How Much Infrastructure Integration Should You Allow?

 There’s an old adage that the worst running car in the neighborhood belongs to the auto mechanic. Why? Because they like to tinker with it. We as IT pros love building and tinkering with things, too, and at one point we all built our own PC and it probably ran about as well as the mechanic's car down the street.

While the mechanic’s car never ran that well, it wasn’t a reflection on the quality of his work on your car because he drew the line between what he can tinker with and what can sink him as a professional (well, most of the time). IT pros do the same thing. We try not to tinker with computers that will affect our clients or risk the service level agreement we have with them. Yet there is a tinkerer’s mentality in all of us. This mentality is evidenced in our data centers where the desire to configure our own infrastructure and build out our own best of breed solutions has resulted in an overly complex mishmash of technologies, products and management tools. There’s lots of history behind this mess and lots of good intentions, but nearly everyone wants a cleaner way forward.

In the vendors’ minds, this way forward is clearly one that has more of their stuff inside and the latest thinking here is the new converged infrastructure solutions they are marketing, such as HP’s BladeSystem Matrix and IBM’s CloudBurst. Each of these products is the vendor’s vision of a cleaner, more integrated and more efficient data center. And there’s a lot of truth to this in what they have engineered. The big question is whether you should buy into this vision.

There is a clear inflection point in the market opening up an opportunity for change. Infrastructures are being abstracted by virtualization and the desire to move to infrastructure-as-a-service cloud architectures, which let more workloads run on consistent hardware configurations. And configuring the hardware in as standard a configuration as possible enables greater use and reuse. Technologies including blade systems, 10GbE, and network storage support the concept of wire-once, virtually configure infinitely. And some of these vendors are packaging their solution using these technologies and a host of virtualization, management, and automation tools integrated together so you can simply drop them in as a virtual pool and expand them with highly repeatable building blocks – cloud Legos, essentially.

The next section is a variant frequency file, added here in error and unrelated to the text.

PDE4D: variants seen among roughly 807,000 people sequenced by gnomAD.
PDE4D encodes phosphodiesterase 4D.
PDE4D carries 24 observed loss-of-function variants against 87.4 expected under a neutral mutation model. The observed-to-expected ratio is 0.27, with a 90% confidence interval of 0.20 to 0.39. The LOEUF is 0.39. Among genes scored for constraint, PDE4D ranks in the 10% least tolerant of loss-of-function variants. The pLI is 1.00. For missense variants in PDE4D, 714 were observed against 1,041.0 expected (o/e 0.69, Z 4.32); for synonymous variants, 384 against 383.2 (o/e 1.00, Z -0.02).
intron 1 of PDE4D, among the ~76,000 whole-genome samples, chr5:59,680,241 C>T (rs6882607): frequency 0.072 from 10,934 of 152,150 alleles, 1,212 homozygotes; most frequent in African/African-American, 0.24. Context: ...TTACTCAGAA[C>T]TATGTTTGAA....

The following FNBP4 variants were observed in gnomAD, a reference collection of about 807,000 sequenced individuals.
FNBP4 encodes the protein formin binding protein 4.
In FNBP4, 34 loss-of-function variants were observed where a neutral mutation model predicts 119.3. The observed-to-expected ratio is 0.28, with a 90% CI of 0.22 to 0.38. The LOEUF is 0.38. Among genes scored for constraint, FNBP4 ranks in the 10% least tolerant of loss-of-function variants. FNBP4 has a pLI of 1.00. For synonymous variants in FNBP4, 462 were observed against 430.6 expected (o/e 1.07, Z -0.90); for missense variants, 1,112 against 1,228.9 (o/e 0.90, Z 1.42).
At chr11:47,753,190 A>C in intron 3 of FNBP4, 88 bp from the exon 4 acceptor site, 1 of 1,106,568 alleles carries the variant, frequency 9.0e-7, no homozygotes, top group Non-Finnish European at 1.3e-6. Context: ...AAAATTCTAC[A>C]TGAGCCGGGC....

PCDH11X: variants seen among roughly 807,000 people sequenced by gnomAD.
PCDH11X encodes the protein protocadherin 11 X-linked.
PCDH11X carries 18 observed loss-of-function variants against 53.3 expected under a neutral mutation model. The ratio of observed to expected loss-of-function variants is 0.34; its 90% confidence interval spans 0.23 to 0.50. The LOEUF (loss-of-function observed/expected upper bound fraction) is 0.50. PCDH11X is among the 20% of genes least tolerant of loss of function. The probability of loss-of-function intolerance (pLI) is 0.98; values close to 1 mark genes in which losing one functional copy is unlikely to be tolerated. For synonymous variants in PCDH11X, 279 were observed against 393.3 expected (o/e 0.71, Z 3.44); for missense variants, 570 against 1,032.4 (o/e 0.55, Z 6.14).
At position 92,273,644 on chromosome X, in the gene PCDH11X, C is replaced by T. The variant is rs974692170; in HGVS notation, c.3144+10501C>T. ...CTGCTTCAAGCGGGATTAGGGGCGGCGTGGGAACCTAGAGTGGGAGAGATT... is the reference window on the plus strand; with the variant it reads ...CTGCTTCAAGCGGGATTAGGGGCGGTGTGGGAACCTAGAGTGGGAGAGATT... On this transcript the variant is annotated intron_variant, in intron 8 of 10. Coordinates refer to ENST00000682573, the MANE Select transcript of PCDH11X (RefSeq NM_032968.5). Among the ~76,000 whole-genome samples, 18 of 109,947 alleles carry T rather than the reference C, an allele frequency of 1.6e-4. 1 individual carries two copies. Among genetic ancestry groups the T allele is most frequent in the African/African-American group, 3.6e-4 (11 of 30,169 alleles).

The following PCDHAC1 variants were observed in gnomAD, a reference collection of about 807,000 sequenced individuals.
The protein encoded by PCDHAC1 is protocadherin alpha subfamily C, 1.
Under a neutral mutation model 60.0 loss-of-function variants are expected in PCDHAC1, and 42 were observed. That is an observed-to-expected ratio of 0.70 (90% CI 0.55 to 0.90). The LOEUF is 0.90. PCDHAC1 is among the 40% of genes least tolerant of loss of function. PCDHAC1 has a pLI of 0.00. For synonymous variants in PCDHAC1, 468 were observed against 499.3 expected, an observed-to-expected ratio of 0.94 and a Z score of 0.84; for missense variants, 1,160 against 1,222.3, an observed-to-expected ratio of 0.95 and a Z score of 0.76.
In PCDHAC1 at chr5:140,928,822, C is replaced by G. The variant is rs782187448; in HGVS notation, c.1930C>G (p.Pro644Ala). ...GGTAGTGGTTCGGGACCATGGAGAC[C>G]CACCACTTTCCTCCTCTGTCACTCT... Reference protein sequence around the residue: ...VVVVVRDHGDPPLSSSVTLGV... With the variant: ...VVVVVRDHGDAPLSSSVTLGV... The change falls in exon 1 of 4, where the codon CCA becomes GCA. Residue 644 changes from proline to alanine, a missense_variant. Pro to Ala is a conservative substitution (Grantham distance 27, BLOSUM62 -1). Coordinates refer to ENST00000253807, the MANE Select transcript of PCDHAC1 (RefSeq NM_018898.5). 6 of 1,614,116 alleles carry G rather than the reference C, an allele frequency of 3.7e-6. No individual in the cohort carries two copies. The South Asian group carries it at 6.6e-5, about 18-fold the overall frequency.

And the major hardware manufacturers have proven that their superior QA and integration capabilities can churn out known good configurations in high volume and lower cost than we can build them ourselves. This is why we don’t build our own corporate PCs or servers anymore. So who’s to say we shouldn’t let them integrate and dropship full infrastructures for us? Isn’t that the next logical step in this evolution?

That’s the key question I explore in my latest Forrester Report, “Are Converged Infrastructures Good for IT?”

There’s a fundamental tension point in IT that these solutions pull on – lock-in versus standardization. It’s a core focus of the advice we provide to clients in the Sourcing & Vendor Management Role and in the back of the minds of every IT Infrastructure architect. How much of a single vendor’s technology do you standardize on at risk of weakening your leverage with the vendor?

We know that every infrastructure & operations professional is under pressure to bring cloud technologies to your company – and fast. This is a fast path to doing so. The question is how far down this path is it safe to go.

We have our researched opinion on this topic in my report. What are your thoughts? Share them here.  

Comments

How much infrastructure integration should you allow?

My thoughts are first separate the technologies and the concepts.